- Need: To reduce deaths due to opioid overdose in rural southeast West Virginia.
- Intervention: Project Renew trained and certified first responders, healthcare staff, and laypeople in naloxone administration.
- Results: Project Renew has saved 10 lives since its inception.
According to 2016 CDC data, West Virginia had the highest rate of death due to drug overdose in the country, with an age-adjusted 52 deaths per 100,000 people. Community Connections, Inc., a nonprofit corporation in Princeton, West Virginia, worked to reduce these deaths through Project Renew. Project Renew served the rural counties of McDowell, Mercer, and Wyoming, which were among the top 6 counties in the state for number of overdose deaths.
Project Renew was named with two goals in mind: renewing life into those who have experienced an overdose and renewing the rapport between law enforcement and the community. Program coordinators became Certified Naloxone Trainers and were able to train and certify first responders, healthcare staff, and laypeople.
Project Renew received funding from the Federal Office of Rural Health Policy (FORHP) Rural Opioid Overdose Reversal Grant Program.
- Trained first responders on naloxone use
- Provided education to nurses and other healthcare staff
- Provided layperson certification and Narcan (naloxone in a nasal spray) distribution
- Distributed wallet-sized information cards called "rack cards" to first responders
- Distributed "Are you at risk for opioid overdose?" cards to healthcare facilities
Since it began, Project Renew has saved 10 lives through Narcan.
In 2015, Project Renew received the Outstanding Community-Police Partnership Initiative award from the United States Attorney's Office for the Southern District of West Virginia.
In August 2016, Project Renew held an event for Overdose Awareness Day. Representatives from regional treatment facilities set up information booths so that community members could learn about available resources.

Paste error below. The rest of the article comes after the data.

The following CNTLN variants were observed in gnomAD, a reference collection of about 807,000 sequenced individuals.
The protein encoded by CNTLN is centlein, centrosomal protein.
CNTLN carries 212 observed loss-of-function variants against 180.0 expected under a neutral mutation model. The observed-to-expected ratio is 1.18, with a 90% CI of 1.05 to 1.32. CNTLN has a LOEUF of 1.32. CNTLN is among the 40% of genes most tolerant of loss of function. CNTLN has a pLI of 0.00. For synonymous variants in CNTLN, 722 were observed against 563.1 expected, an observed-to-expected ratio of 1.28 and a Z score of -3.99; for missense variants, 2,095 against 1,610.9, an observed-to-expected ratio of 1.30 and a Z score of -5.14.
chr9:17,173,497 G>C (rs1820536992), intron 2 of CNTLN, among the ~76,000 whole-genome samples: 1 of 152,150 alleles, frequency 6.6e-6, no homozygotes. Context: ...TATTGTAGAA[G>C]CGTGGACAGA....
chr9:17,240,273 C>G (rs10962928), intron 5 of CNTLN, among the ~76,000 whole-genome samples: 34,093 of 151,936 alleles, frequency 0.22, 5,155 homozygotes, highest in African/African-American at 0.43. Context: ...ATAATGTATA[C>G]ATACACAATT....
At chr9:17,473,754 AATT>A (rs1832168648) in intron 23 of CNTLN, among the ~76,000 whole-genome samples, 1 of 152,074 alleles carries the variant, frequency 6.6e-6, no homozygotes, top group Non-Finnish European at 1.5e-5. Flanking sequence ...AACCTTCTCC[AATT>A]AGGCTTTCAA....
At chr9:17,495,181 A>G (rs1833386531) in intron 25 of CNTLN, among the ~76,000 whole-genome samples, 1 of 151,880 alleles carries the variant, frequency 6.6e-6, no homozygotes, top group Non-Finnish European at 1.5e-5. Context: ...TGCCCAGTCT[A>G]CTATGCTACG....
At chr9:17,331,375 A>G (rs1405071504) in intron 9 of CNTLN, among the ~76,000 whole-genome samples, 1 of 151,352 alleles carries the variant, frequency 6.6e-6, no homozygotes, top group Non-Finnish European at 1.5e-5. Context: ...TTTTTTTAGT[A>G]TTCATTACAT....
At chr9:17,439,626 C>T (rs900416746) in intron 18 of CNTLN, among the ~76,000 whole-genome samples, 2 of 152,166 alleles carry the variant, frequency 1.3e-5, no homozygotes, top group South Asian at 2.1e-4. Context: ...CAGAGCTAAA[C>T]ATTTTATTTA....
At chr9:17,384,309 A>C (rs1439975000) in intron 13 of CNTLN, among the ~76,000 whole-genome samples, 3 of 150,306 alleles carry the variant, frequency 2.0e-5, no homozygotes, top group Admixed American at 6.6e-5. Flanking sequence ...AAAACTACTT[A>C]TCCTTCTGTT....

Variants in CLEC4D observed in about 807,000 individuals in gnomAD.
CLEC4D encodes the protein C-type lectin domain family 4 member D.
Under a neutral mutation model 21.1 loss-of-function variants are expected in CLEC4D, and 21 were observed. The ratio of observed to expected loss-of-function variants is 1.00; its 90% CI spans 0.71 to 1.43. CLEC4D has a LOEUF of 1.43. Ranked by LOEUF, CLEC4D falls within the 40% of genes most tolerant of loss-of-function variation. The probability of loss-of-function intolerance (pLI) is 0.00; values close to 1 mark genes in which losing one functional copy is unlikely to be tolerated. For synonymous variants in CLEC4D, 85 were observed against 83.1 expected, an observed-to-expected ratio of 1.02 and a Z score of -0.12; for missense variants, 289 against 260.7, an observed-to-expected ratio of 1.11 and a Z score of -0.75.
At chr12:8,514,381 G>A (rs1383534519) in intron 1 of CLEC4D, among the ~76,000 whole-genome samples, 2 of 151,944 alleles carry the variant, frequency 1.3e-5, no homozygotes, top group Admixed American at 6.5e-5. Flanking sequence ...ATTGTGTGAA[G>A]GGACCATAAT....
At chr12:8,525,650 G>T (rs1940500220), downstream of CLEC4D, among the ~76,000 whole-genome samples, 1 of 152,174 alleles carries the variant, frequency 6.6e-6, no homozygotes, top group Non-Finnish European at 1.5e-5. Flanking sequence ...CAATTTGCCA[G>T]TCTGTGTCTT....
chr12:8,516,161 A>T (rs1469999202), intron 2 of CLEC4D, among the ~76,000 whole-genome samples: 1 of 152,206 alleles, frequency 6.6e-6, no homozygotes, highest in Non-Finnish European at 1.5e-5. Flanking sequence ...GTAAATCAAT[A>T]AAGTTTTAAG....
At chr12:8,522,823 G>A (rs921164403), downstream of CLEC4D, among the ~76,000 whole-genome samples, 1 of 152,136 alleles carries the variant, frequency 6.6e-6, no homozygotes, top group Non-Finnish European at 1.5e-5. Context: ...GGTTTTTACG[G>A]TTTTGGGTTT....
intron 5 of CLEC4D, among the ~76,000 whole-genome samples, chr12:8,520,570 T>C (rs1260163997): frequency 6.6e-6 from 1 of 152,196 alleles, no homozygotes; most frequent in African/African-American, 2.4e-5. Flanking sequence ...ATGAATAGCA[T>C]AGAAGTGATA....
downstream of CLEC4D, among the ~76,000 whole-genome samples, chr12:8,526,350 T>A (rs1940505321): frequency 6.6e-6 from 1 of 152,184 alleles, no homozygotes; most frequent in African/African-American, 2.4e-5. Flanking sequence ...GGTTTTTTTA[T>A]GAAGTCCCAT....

In June 2017, Community Connections, Inc. presented Project Renew during the National Organization of State Offices of Rural Health (NOSORH) Reducing Rural Opioid Overdoses: Lessons Learned from the Rural Opioid Overdose Reversal Grant Program webinar.
The project faced initial opposition from many groups, including doctors who refused to write prescriptions for naloxone, pharmacists who refused to fill naloxone prescriptions, and law enforcement who did not want to carry and administer naloxone. Much of this opposition came from stigma associated with substance abuse. Building relationships with prescribers and local first responders was imperative so that they fully understood the program's benefits as well as modified their policies to reflect best practices.
Program coordinators were able to win over law enforcement and other parties by reminding them that West Virginia's Good Samaritan laws protect those who administer naloxone from lawsuits and that the officers could now add "naloxone-certified" to their resumes.